Now with added…Fantasy!

Keith Willis is someone, like many in the #writingcommunity, that I’ve met online, usually via Twitter.  The writing community on Twitter is amazingly supportive, but in this respect Keith is a prince amongst men – a veritable elder statesman in his kindness, especially to those finding their feet on Twitter, at the writing game, or at life.  If I were tempted to get a tattoo, I might very well go for “Be more Keith”.  But his kindness, humour, and wisdom aside, Keith is a perfect guest for our ‘Now with added…’ slot.  As you’ll know by now, if you’ve been following along for a while, we invite writers who we’ve found to be particularly associated with a specific genre.  Keith is the author of the Knights of Kilbourne series, and he’s going to tell us a bit about how knights and dragons intersect with his life in upstate New York…


 

Thank you, David and Debs, for extending the invitation for me to participate in “Now with added…” But I have to say, this examination of the intersection of life and fiction has caused me a great deal of rumination, agita, and head pounding. As a writer of fantasy fiction, I don’t really deal in the niggling details of “real” life and thus wasn’t even sure where to begin.

So how does my fantasy world intersect my life? When I was wrestling with this dragon, David prompted me by asking, “Would you visit/live in the world you’ve created?” And when I thought about it, my answer was, “In a heartbeat.”

I love the world I’ve created, and I think it would be a marvelous place to live. Kilbourne is (call me a traditionalist) a fairly idyllic placed, based on an amalgam of Scotland and Wales and set in a rather Renaissance era. Books exist in my world. So do clocks. But no gunpowder-based weapons; my heroes and villains battle with barbed words, edged swords, or fists.

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Friar Keith, declaiming from his books

Kilbourne is a world not so very unlike our own. It’s a world of gallant chivalry and base cupidity. Of loyalty and honor, and duplicity and deception. Of politics and intrigue, of romance and wonder. In my fantasy world, while there are no megalomaniacal overlords out to subjugate the masses, there are certainly despots seeking power through conquest. Set against those, there’s no long awaited Chosen One, but simply people trying (and often failing) to do the right thing.

 

It’s a world of—and here’s the “added” bit—magic and dragons. And this is why I want to live there. Our own mundane world is seriously lacking in both categories and, it might be argued, would benefit from a bit of both (Game of Thrones not-withstanding). I long for a world where magic does indeed work, and where majestic dragons soar the skies.

I think that’s why so many readers gravitate to fantastical fiction. It’s that subtle “What if?” that allows us to view the world as it might be, if things were just a bit different, had that little “added…”

And yet, in a small way, my life does actually intersect my fantasy world, by way of the Renaissance Faires I attend each year. There, for the space of a weekend, I can be immersed in jousters and jesters, royals and rogues, wizards and witches, brigands, bards, and barmaids. I can soak up the magic that fuels my stories. I can also engage with the folks for whom I write them. Because they, like me, are seeking a piece of the magic. And so I get an earful of what they like (and don’t like) about fantasy. And because I have to be in character, I can magically become someone I’m not—the gregarious, garrulous scribe known as Friar Keith. I can tell awful jokes and get away with it (“I used to be a Friar, but I got so plump the Abbot made me a roaster…” bah dum tsss). I can shamelessly flirt with a wanton gypsy gal (if only because she happens to be my wife).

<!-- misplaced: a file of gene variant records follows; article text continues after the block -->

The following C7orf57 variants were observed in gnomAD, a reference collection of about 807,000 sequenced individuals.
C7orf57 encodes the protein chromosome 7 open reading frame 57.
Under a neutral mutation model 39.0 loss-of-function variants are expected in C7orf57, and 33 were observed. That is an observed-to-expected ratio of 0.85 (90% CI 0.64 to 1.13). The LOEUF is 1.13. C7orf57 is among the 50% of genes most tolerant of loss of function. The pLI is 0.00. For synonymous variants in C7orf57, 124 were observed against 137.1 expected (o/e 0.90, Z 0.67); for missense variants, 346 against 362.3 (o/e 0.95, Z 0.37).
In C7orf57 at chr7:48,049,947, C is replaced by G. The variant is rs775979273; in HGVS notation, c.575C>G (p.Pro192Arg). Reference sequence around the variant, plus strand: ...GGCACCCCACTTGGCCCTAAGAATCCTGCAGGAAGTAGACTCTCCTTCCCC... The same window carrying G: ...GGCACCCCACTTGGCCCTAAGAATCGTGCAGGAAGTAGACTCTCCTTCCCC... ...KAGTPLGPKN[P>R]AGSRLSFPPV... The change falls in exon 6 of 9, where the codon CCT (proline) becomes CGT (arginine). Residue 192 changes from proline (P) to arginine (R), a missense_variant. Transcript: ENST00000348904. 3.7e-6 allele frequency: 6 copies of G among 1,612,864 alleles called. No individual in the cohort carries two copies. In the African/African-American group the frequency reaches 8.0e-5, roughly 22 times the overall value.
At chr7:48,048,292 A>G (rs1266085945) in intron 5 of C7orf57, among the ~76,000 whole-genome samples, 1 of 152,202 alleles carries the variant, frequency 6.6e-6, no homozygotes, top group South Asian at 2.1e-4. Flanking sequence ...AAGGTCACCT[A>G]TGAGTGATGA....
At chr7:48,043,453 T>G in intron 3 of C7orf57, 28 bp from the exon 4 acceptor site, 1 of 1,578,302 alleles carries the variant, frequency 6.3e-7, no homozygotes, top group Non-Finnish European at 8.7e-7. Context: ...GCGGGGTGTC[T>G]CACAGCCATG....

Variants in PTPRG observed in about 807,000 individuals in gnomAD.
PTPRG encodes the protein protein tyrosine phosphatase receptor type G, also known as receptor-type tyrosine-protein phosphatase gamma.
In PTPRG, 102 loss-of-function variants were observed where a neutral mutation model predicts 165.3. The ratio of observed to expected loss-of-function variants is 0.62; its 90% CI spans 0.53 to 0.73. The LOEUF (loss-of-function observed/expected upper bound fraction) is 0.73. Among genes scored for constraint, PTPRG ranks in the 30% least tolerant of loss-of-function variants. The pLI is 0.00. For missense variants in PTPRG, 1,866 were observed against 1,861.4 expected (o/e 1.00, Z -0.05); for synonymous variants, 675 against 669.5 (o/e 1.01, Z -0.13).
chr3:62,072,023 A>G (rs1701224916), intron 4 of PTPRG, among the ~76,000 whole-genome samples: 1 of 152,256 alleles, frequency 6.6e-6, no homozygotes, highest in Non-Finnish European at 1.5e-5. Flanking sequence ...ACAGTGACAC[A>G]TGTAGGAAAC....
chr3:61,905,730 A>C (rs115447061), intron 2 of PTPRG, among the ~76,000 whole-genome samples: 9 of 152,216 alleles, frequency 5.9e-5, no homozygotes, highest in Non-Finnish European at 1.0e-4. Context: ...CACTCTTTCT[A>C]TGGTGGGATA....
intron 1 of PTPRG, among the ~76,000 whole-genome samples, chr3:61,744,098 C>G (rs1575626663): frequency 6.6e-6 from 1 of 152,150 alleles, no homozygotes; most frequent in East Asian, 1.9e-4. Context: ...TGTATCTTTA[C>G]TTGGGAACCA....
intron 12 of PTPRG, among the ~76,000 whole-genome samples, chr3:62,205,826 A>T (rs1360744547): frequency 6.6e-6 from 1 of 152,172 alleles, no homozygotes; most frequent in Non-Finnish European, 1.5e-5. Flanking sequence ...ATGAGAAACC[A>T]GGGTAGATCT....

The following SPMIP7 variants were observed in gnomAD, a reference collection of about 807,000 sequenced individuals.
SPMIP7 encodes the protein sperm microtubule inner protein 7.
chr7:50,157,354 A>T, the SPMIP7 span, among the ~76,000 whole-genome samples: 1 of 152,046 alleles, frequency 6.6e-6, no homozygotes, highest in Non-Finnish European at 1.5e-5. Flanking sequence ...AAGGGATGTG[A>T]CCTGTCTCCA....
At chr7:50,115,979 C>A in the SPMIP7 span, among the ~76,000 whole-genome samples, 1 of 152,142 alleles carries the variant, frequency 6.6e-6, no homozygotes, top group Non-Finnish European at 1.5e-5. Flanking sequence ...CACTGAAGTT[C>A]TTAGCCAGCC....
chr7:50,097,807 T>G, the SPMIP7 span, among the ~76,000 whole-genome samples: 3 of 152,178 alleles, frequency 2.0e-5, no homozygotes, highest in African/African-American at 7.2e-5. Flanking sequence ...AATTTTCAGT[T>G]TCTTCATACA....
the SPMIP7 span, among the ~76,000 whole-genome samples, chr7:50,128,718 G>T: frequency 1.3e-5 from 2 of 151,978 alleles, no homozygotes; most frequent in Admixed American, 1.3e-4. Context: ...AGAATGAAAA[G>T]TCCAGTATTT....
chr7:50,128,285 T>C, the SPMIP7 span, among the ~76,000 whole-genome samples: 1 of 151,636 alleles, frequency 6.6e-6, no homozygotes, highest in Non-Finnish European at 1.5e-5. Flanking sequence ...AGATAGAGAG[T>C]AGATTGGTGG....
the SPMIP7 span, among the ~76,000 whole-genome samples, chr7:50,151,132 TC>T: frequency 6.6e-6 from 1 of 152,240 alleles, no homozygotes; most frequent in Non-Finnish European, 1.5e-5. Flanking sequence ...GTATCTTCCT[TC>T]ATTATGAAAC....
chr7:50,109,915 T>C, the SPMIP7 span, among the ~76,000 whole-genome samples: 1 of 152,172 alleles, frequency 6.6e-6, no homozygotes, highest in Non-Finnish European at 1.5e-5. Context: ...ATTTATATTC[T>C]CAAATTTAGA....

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Renaissance Faires – a family business!

One thing I’ve come to realize over the (relatively short) course of my writing career is that all fiction is, in fact, fantasy of a sort. We writers make it all up as we go along (except for the memoir folks, and I’ve often wondered if even some of their work may be more conveniently contrived than factual). But while all fiction is fantasy (small “f”), not all fiction is Fantasy (capital “F”). Those of us who write Fantasy add that little bit extra—the magic that make our worlds go round.

 

Keith W. Willis is the author of the Knights of Kilbourne series (Champagne Book Group). He can be found at https://www.keithwillisauthor.com/, on Twitter at https://twitter.com/kilbourneknight, and on Facebook at https://www.facebook.com/TRAITOR-KNIGHT-191368320972613/.  Keith lives in upstate NY, in that magical land lying between the Hudson Valley and the Adirondack Mountains. His most recent book, Enchanted Knight, was released in April 2020. Keith is hard at work on the next Kilbourne adventure, tentatively titled The Knight Job, along with a children’s picture book project about Wyvrndell the Dragon.

You can find Keith’s books at all ebook retailers, including https://tinyurl.com/yd99hx5r. For those interested in signed paperbacks, visit his websiteKWW3  KWW4

© Keith W. Willis, 2020 (Main text)

© Fiction Can Be Fun, 2020 (Introduction)

2 thoughts on “Now with added…Fantasy!”

  1. I feel this post. In my mind, science is a kind of magic, and thus a gravitate toward science fiction rather than fantasy. But that’s a minor detail. The spirit of what you say… that’s very much how I feel as well.

    Liked by 2 people

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